From DTA (Figure 6), we can also see that BALE and Q interacted with each other. Q (Figure 6b) has a broad endothermic peak at 412.0 °C displaying its amorphous nature. Crystalline BALE (Figure 6a) has a sharp melting endothermic peak at 273.0 °C. The physical mixture of Q and BALE (Figure 6c) presents the melting point and endothermic peak of BALE and Q at 273.0 °C and 411.0 °C, respectively, but the BALE–Q inclusion complex had an obvious melting point at 448.7 °C and the melting point and endothermic peaks of BALE and Q disappeared. The results showed that a new material appeared, which improved the thermal stability of BALE (Figure 6d).
BALE has three phenolic hydroxy groups, which are easily oxidized to a quinone-type structure. The time-resolved UV–vis absorption spectra of BALE showed that the stability of BALE in water was poor in the absence of Q, whereas the stability of BALE was greatly improved in the presence of Q. At the same concentration of BALE and the Q–BALE complex, the free BALE absorption value, after 6 h, decreased by 0.1 or less (Figure 7) and the decomposition curve equation was A = 0.4730 – 0.0003t. However, the UV absorption intensity of the inclusion complex remained basically unchanged, very stable and the decomposition curve equation was A = 0.4353 − 0.00004t. Therefore, the stability of the BALE–Q inclusion complex in the same solvent was 7.5 times higher than that of BALE.
Solubilization studies were performed according to . When compared with the unbound BALE solubility (Figure 8), the concentration in the presence of Q reached at least 1.319 × 10−5 mol·L−1, which was a 6.98-fold increase for BALE over that in neutral water (1.889 × 10−6 mol·L−1), indicating that Q had a significant solubilization effect on BALE. The solubility curve equation was S = 0.7349c + 2 × 10−5 (R = 0.999) and S0 = 2 × 10−5 mol·L−1. When CQ = 10−4 mol·L−1, the solubility of BALE increased 4.67-fold.
Antioxidation studies were performed according to . BALE has a strong ability to eliminate ABTS+· (see ABTS radical-scavenging assay in Supporting Information File 1). If the BALE–Q complex significantly reduces its antioxidant activity, this will affect the medicinal value of BALE. Figure 9 shows that Q has no significant influence on the antioxidant activity of BALE. At 0.0005–0.004 mmol·L−1, BALE exhibited a linear increasing ability to eliminate ABTS+· and when the concentration was >0.007 mmol·L−1, the eliminating ability of BALE was stabilized (Figure 9A). With an increase in concentration, the BALE–Q complex also showed a linear increasing ability to eliminate ABTS+· and when the concentration was >0.007 mmol·L−1, the eliminating ability was stabilized, too (Figure 9A). We also found that the ability to eliminate ABTS+· of BALE and the BALE–Q complex was proportional to the function of time (Figure 9B). The IC50 was calculated using the clearance rate curve after 30 min, which showed the IC50 of BALE was 1.87 × 10–6 mol·L−1 and the IC50 of the BALE–Q complex was 2.14 × 10–6 mol·L−1. The ability of the BALE–Q complex to eliminate ABTS+ is slightly stronger than that of BALE.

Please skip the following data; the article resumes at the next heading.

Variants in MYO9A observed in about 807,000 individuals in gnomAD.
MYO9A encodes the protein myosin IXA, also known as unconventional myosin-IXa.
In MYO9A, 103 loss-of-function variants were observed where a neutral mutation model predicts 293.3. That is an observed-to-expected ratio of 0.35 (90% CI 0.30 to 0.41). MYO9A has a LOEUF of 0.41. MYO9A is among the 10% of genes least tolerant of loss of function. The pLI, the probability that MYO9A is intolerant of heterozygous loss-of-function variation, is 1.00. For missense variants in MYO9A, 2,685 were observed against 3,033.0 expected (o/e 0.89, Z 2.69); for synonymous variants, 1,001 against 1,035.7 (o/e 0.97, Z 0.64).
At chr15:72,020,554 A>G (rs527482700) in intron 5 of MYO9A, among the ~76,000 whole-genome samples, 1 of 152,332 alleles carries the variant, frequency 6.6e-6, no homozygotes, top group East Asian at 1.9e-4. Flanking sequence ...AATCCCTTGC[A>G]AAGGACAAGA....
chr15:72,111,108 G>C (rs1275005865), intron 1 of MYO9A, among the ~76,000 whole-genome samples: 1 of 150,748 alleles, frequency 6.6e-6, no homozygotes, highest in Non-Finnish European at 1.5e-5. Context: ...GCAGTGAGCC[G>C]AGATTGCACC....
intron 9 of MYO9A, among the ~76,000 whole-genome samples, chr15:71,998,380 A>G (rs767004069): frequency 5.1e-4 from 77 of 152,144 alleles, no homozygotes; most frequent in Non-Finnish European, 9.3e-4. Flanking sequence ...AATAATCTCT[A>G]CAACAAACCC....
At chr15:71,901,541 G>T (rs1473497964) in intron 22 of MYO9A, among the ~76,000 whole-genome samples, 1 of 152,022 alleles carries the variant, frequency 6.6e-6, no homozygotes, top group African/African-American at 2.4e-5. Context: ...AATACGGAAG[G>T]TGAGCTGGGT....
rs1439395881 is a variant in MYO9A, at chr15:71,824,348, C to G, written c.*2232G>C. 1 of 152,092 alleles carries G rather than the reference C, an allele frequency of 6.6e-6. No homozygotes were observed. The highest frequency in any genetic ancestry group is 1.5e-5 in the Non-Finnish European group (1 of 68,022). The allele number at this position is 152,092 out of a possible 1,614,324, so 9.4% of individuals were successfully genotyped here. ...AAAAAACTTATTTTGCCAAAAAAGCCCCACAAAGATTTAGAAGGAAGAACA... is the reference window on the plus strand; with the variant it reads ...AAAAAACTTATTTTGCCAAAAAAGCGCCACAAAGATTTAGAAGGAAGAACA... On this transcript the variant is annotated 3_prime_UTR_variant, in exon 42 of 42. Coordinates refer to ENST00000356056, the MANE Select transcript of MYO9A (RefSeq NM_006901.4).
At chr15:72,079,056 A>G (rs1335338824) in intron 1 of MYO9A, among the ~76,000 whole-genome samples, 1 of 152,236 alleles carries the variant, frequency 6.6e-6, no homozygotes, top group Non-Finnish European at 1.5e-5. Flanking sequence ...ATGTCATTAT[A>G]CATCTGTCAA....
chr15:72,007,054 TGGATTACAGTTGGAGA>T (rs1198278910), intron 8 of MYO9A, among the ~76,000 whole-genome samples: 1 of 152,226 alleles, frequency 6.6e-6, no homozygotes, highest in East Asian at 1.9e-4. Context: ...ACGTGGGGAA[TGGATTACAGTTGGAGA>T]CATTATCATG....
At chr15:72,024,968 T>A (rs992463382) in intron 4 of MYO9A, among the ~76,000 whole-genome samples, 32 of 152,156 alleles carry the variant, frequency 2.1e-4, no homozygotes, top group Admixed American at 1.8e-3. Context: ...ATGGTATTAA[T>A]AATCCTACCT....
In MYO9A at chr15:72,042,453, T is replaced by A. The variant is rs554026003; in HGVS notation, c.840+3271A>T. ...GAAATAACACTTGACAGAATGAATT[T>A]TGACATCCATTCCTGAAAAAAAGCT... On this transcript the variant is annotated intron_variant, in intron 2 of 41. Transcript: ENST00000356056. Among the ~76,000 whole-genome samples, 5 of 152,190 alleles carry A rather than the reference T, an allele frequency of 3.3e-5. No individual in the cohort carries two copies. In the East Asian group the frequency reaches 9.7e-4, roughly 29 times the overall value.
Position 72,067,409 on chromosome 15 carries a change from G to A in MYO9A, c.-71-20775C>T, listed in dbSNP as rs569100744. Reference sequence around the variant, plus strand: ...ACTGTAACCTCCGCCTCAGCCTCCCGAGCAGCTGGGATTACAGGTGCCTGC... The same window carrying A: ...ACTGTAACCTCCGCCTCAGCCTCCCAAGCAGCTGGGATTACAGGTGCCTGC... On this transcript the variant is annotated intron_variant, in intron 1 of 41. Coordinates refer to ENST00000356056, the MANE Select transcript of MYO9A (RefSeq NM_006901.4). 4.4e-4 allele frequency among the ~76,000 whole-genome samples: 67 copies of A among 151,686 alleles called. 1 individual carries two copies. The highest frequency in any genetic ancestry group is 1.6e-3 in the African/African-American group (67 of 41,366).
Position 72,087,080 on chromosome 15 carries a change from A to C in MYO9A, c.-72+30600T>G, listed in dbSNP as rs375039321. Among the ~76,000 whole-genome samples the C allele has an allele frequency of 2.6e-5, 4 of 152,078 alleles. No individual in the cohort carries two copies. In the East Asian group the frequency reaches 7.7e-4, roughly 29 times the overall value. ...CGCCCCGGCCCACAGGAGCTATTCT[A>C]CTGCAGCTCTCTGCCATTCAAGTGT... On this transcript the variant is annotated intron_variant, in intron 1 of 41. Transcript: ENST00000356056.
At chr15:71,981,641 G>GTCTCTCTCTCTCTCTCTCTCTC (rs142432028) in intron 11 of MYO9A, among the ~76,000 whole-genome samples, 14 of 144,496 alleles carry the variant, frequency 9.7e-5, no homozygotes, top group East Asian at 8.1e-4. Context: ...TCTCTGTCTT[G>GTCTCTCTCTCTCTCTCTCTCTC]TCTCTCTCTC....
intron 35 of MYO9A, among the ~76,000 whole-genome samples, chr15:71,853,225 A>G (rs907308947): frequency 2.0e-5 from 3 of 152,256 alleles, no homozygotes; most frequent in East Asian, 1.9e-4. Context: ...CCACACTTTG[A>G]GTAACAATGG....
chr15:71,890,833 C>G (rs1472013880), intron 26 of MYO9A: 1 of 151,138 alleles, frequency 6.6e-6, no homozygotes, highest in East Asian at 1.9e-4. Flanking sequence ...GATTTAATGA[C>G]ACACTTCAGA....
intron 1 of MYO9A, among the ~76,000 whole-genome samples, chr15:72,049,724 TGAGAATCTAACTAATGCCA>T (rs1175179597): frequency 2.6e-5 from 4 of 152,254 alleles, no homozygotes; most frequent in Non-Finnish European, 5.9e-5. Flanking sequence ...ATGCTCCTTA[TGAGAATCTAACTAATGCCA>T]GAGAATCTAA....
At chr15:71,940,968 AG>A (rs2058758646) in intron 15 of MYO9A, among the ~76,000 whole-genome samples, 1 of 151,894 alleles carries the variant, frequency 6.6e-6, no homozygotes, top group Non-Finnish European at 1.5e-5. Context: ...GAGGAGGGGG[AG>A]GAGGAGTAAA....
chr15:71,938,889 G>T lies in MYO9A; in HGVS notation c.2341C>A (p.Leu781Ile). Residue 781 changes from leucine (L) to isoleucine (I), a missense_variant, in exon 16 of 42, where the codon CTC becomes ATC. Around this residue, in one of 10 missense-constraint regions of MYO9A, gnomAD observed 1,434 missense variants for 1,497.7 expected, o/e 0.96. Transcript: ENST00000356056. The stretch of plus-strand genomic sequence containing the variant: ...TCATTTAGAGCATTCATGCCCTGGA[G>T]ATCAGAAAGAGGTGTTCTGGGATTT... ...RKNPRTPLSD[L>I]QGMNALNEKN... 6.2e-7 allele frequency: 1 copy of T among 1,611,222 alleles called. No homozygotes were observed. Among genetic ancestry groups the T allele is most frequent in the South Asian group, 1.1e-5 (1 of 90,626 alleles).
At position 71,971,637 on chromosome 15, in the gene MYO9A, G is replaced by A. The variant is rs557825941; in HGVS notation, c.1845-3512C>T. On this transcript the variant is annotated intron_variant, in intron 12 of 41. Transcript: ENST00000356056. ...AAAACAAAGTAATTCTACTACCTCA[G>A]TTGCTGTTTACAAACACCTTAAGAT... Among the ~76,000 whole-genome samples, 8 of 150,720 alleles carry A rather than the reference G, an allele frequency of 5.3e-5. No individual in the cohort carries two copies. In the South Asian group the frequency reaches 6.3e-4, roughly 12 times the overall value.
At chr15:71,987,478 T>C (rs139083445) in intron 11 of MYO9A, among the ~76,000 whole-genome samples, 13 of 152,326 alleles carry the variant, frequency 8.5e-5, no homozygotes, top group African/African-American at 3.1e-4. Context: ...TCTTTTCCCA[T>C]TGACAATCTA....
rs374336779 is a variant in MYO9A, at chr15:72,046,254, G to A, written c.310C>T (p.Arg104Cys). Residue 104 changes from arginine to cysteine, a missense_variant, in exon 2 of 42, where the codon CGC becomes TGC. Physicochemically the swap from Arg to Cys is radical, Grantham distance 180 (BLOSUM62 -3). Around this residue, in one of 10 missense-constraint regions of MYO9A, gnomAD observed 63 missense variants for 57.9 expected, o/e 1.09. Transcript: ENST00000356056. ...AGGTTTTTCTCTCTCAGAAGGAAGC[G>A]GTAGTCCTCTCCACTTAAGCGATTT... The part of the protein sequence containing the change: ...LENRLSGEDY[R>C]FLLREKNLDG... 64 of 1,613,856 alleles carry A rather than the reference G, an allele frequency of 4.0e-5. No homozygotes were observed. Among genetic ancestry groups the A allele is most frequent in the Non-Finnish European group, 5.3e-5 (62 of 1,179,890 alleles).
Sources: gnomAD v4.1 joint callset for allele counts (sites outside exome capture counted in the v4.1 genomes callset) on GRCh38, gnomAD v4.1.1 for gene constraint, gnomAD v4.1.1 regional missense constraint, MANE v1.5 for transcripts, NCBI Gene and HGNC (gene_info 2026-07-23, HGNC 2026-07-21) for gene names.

In vitro release studies were performed according to [43,44]. As a result of the solubility of BALE in water being extremely poor, BALE in artificial gastric juice (pH 1.2, hydrochloric acid solution) and artificial intestinal juice (pH 6.8, phosphate buffer solution) can be detected. After 12 h, the degree of release was 11.26% (BALE) and 13.39% (BALE–Q), respectively in artificial gastric juice and 14.49% (BALE) and 8.02% (BALE–Q), respectively in artificial intestinal juice. In addition, the release and degradation tended to reach an equilibrium (Figure 10). The release rates of the BALE–Q complex was slower than that of BALE in artificial intestinal juice, but it was faster than the BALE in artificial gastric juice.
When comparing the interactions of chrysin  and baicalin  with Q previously reported by our group, they showed different interaction models. Chrysin is totally inserted into the cavity of Q, and due to the fact that the hydroxy groups of the glucoside of baicalin and Q fare forming hydrogen bonds, the cycle B and and a part of cycle C of baicalin inserted into the cavity of the Q. This may be attributed to chrysin containing one hydroxy group less than baicalein, which reduced the hydrophilicity of cycle A, making it enter into the hydrophobic cavity of Q easily. Because the hydroxy group on the carboxylic acid of the baicalin formed a hydrogen bond with the oxygen atoms of Q at the portal, cycle C of baicalin was pushed into the cavity of Q. Therefore, the inclusion model of cucurbit with flavonoid compounds was determined by the structure of the specific flavonoid.
In this study, our results showed that BALE formed an inclusion complex (1:1) with cucurbituril. The inclusion constants of BALE with Q obtained from the UV–vis absorption data was 2.15 × 107 L·mol−1 (10 mol·L−1 HCl), 3.59 × 107 L·mol−1 (10−2 mol·L−1 HCl) and 3.4 × 105 L·mol−1 (neutral water). The solubility of BALE increased 4.67-fold in the phase-solubility experiment when the concentration of Q was 1 × 10−4 mol·L−1. A study of the UV–vis absorption spectra with time showed that Q significantly increased the stability of BALE. The antioxidant activity of BALE–Q was investigated using the ABTS+· method. The BALE–Q inclusion complex had no significant influence on the scavenging effect toward ABTS+· radicals when compared to BALE; the IC50 vales were 1.87 × 10−6 mol·L−1 and 2.14 × 10−6 mol·L−1, respectively. In vitro release studies have shown that the release rates of the BALE–Q complex is slower than that of BALE in artificial intestinal juice, but it is faster than BALE in artificial gastric juice. Our results provide a new approach and theoretical basis for the development and utilization of baicalein.